The last time that I saw him was at Hayward/Russell City. He had been sick. He told me that he was going to have heart surgery that he said was routine. For a guy that was sick, you wouldn't have known it by his performance in the 100+ degree heat. He sounded as good as ever.

I'll miss him.

Here is a nice tribute in the Vallejo Times Herald.

Friday, September 8, 2006

Bonnie Lee

Bonnie Lee

Today, the world lost a tremendous blues singer and a fine lady.

Bonnie Lee was a great Blues singer. The first time I heard her was on the radio in Chicago in the early 1980's. There was a live concert broadcast from Biddy Mulligan's on WNIB. The host was long time Chicago radio personality, Big Bill Collins. Performing that evening were the Kinsey Brother, Sugar Blue, Billy Branch & the Sons of Blues/JW Williams & The Chitown Hustlers and Bonnie Lee. She was a powerhouse singer.

I didn't have to opportunity to see her perform until the mid 1990's when she accompanied Willie Kent to the Bay Area during the opening months of Blues on B in San Mateo. I went to several of those shows. I had the pleasure of meeting and talking to her a few times. She was a really sweet lady with a tremendous voice that could be powerful and then soft and sensitive.

In 1997, she performed at the San Francisco Blues Festival. It was sort of a disappointment to me. She was billed as part of a package and performed only a couple of songs. When she departed the stage, she left the audience wanting more. It seemed crazy to fly her to California for a couple of songs, but it was great to see her perform.

One of the last times that I saw her perform was at a tribute to Muddy Waters at the Taste of Westmont in 1999. She was on the bill with several fabulous female Blues singers that were backed by Willie Kent's fine band. Bonnie Lee sounded great. She really delivered the goods.

Whenever I went back to Chicago, I always made sure to catch a Willie Kent show and it was a really nice bonus to see Bonnie Lee perform. She also has an excellent CD out on the Wolf label called "Queen of the Chicago Blues" and she made appearances on several other CD's. I was just listening to her Delmark CD last weekend and thought that she was really under-recorded and under-recognized. "Sweetheart of the Blues" is a fabulous CD.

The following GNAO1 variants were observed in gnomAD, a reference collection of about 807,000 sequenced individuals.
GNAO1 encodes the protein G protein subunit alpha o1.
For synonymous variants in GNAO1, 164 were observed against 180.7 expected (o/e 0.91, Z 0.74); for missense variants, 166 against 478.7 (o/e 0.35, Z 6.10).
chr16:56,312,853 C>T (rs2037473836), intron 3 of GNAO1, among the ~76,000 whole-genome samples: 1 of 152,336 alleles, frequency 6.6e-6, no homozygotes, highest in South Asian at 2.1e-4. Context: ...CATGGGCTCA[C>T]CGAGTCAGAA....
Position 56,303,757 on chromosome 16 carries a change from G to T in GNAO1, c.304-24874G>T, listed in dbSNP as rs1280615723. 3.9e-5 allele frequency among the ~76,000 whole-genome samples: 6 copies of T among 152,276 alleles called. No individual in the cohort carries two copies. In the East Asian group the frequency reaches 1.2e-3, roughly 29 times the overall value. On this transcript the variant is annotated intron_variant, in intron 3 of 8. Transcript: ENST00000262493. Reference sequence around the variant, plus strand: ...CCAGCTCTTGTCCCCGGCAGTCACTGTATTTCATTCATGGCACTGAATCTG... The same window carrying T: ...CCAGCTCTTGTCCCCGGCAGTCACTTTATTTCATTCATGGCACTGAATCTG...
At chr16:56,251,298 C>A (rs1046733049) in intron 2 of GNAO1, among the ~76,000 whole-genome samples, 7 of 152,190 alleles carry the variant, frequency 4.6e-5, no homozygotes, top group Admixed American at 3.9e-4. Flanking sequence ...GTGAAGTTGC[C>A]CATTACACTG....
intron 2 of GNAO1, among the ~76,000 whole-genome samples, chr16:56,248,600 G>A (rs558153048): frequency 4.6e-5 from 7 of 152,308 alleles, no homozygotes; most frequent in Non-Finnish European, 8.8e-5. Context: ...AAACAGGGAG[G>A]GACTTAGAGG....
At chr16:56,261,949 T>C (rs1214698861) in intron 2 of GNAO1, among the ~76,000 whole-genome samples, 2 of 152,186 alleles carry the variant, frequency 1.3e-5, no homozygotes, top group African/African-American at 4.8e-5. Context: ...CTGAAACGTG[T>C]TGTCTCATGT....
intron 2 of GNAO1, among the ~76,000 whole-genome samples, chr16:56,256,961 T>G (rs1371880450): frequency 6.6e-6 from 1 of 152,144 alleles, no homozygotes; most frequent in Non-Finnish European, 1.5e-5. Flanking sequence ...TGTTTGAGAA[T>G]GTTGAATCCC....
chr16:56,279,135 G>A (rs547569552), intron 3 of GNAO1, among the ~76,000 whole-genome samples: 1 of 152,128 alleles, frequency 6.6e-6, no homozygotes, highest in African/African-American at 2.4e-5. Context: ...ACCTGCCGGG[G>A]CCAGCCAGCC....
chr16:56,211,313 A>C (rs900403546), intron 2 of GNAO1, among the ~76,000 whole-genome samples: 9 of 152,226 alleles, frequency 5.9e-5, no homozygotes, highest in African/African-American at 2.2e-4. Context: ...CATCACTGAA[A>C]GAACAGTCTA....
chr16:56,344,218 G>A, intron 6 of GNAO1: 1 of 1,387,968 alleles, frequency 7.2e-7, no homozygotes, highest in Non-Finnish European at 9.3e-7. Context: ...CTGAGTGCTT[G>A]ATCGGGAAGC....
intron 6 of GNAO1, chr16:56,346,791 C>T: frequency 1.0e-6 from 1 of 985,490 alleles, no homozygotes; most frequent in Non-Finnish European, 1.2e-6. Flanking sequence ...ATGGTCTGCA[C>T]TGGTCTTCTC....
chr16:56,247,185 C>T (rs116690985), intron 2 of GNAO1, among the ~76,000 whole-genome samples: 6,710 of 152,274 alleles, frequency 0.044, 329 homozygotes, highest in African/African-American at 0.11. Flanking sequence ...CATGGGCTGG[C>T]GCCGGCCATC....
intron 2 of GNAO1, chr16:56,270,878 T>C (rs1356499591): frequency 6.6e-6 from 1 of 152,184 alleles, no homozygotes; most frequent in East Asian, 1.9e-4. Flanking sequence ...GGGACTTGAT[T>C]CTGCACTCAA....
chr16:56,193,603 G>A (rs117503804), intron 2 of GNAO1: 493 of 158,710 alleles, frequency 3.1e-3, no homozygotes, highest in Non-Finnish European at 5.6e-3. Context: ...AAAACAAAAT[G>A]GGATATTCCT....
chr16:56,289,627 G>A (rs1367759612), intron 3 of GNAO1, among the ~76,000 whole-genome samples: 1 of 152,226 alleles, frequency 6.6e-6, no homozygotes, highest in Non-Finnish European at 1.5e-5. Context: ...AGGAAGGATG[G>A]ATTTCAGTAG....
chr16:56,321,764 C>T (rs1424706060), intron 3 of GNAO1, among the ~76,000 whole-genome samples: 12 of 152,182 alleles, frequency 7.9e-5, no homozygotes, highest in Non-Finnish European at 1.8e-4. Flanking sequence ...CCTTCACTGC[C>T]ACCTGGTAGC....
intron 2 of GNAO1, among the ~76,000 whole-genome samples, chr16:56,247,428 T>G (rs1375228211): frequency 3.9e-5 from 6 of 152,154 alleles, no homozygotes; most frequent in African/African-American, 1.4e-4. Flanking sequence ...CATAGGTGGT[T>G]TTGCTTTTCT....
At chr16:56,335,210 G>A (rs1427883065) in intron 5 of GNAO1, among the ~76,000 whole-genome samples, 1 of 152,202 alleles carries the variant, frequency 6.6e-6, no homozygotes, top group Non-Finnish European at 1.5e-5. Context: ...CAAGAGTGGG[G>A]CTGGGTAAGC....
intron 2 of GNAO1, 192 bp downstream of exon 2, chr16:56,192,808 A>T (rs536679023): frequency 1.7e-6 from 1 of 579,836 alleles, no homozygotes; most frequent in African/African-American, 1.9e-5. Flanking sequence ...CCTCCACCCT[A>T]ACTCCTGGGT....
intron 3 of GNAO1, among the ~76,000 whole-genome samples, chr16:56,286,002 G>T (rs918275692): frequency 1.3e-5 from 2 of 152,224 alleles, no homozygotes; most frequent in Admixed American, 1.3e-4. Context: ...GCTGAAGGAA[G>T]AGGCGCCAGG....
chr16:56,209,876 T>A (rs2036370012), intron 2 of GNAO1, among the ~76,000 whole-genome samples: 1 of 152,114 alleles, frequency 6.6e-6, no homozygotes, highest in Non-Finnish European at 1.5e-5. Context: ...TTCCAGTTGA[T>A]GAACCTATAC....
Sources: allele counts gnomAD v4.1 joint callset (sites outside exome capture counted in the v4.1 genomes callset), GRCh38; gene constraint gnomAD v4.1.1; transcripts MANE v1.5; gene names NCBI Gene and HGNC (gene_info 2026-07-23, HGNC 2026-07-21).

I'm really going to miss seeing her. She really was the Sweetheart of the Blues!

Friday, September 1, 2006

Junior Wells

Junior Wells

Since being introduced to the blues while in college back in the early 80's, I had been fortunate enough to see Junior Wells perform several times prior to moving from Chicago to California in 1987. After relocating, I didn't get out to see many blues shows. In 1990, Junior was scheduled to play a one nighter at JJ's Blues Lounge in Mountain View and I knew it was a show that I couldn't miss.

The night of the show, my wife and I got there early so we could get a good seat. Gary Smith, a local harp player, opened the show with his band. They played the opening set.

During the break, Junior was pacing back and forth like a caged animal. Something was wrong. This seemed very out of character. Junior's regal presence transcended "cool". About twenty minutes later, Junior's band took the stage. The band consisted of two guitars, bass and drums. There was no horn section to be found. George Baze led a couple of songs and then called Junior up. For the next 45 minutes, Junior played traditional blues and blew a lot of harp. He played more harmonica than I had ever seen him play before. It was incredible. He put on one of the greatest shows I have ever seen.